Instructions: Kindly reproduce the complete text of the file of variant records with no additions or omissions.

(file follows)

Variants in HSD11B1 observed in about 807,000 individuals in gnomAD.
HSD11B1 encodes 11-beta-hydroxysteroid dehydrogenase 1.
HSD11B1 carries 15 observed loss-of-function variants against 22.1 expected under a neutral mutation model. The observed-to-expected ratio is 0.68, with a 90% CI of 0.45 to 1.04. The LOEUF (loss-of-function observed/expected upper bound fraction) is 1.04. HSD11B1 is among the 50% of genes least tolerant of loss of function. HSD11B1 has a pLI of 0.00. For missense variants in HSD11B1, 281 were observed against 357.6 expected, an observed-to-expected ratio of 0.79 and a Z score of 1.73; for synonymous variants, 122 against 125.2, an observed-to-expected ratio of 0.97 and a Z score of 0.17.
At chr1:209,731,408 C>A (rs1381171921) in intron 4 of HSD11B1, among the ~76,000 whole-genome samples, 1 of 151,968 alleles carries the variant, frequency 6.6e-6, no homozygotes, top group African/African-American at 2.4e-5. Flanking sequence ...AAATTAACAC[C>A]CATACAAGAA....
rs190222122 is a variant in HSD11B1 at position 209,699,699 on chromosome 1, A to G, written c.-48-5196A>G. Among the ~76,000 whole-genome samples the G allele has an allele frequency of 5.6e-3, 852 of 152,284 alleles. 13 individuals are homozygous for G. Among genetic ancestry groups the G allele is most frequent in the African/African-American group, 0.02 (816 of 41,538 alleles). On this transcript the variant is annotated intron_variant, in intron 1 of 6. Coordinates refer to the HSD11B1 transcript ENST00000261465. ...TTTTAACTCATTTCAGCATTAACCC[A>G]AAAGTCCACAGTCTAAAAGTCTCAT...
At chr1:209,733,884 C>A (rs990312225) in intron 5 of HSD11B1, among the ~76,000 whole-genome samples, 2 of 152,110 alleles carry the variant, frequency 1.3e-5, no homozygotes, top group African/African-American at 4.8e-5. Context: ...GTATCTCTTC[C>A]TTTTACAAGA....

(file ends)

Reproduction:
Variants in HSD11B1 observed in about 807,000 individuals in gnomAD.
HSD11B1 encodes 11-beta-hydroxysteroid dehydrogenase 1.
HSD11B1 carries 15 observed loss-of-function variants against 22.1 expected under a neutral mutation model. The observed-to-expected ratio is 0.68, with a 90% CI of 0.45 to 1.04. The LOEUF (loss-of-function observed/expected upper bound fraction) is 1.04. HSD11B1 is among the 50% of genes least tolerant of loss of function. HSD11B1 has a pLI of 0.00. For missense variants in HSD11B1, 281 were observed against 357.6 expected, an observed-to-expected ratio of 0.79 and a Z score of 1.73; for synonymous variants, 122 against 125.2, an observed-to-expected ratio of 0.97 and a Z score of 0.17.
At chr1:209,731,408 C>A (rs1381171921) in intron 4 of HSD11B1, among the ~76,000 whole-genome samples, 1 of 151,968 alleles carries the variant, frequency 6.6e-6, no homozygotes, top group African/African-American at 2.4e-5. Flanking sequence ...AAATTAACAC[C>A]CATACAAGAA....
rs190222122 is a variant in HSD11B1 at position 209,699,699 on chromosome 1, A to G, written c.-48-5196A>G. Among the ~76,000 whole-genome samples the G allele has an allele frequency of 5.6e-3, 852 of 152,284 alleles. 13 individuals are homozygous for G. Among genetic ancestry groups the G allele is most frequent in the African/African-American group, 0.02 (816 of 41,538 alleles). On this transcript the variant is annotated intron_variant, in intron 1 of 6. Coordinates refer to the HSD11B1 transcript ENST00000261465. ...TTTTAACTCATTTCAGCATTAACCC[A>G]AAAGTCCACAGTCTAAAAGTCTCAT...
At chr1:209,733,884 C>A (rs990312225) in intron 5 of HSD11B1, among the ~76,000 whole-genome samples, 2 of 152,110 alleles carry the variant, frequency 1.3e-5, no homozygotes, top group African/African-American at 4.8e-5. Context: ...GTATCTCTTC[C>A]TTTTACAAGA....